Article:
Flexible Bayesian longitudinal models for cost‐effectiveness analyses with informative missing data
Alexina J. Mason,
James Carpenter and
Health Economics, 2021, vol. 30, issue 12, 3138-3158
Cost‐effectiveness analyses (CEA) are recommended to include sensitivity analyses which make a range of contextually plausible assumptions about missing data. However, with longitudinal data on, for example, patients' health‐related quality of life (HRQoL), the missingness patterns can be complicated because data are often missing both at specific timepoints (interim missingness) and following loss to follow‐up. Methods to handle these complex missing data patterns have not been developed for CEA, and must recognize that data may be missing not at random, while accommodating both the correlation between costs and health outcomes and the non‐normal distribution of these endpoints. We develop flexible Bayesian longitudinal models that allow the impact of interim missingness and loss to follow‐up to be disentangled. This modeling framework enables studies to undertake sensitivity analyses according to various contextually plausible missing data mechanisms, jointly model costs and outcomes using appropriate distributions, and recognize the correlation among these endpoints over time. We exemplify these models in the REFLUX study in which 52% of participants had HRQoL data missing for at least one timepoint over the 5‐year follow‐up period. We provide guidance for sensitivity analyses and accompanying code to help future studies handle these complex forms of missing data.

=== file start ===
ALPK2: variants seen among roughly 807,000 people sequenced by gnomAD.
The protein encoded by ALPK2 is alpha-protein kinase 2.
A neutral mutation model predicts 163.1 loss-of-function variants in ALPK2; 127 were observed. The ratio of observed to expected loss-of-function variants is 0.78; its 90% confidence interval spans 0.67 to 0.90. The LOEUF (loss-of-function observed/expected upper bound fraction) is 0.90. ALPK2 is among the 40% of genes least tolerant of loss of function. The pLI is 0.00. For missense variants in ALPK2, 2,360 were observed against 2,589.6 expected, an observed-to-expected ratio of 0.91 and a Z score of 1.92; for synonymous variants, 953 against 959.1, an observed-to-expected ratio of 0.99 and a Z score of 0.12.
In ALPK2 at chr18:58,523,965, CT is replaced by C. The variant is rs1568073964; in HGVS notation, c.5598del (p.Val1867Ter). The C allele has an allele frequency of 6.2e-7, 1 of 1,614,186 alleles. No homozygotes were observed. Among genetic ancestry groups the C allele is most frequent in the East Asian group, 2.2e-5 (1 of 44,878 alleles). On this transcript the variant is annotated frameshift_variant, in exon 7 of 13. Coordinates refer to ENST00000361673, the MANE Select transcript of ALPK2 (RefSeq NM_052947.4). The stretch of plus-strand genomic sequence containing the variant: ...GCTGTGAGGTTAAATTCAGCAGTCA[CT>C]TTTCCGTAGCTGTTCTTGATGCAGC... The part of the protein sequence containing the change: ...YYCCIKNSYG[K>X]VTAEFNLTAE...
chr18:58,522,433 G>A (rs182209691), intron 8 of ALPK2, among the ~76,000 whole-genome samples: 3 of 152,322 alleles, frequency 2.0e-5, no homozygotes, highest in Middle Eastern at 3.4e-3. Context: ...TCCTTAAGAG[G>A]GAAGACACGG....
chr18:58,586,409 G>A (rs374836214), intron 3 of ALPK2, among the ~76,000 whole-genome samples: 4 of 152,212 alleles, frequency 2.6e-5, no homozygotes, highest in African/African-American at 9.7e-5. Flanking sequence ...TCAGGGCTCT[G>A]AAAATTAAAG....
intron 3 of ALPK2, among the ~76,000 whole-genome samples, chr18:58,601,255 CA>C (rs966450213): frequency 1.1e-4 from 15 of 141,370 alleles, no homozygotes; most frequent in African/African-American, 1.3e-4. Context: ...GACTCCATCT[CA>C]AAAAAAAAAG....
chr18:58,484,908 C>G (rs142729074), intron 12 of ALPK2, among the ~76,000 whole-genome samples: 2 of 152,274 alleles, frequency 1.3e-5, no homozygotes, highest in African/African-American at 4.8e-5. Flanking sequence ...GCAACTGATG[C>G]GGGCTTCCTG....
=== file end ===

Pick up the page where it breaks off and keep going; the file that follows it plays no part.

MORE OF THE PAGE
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Persistent link: https://EconPapers.repec.org/RePEc:wly:hlthec:v:30:y:2021:i:12:p:3138-3158
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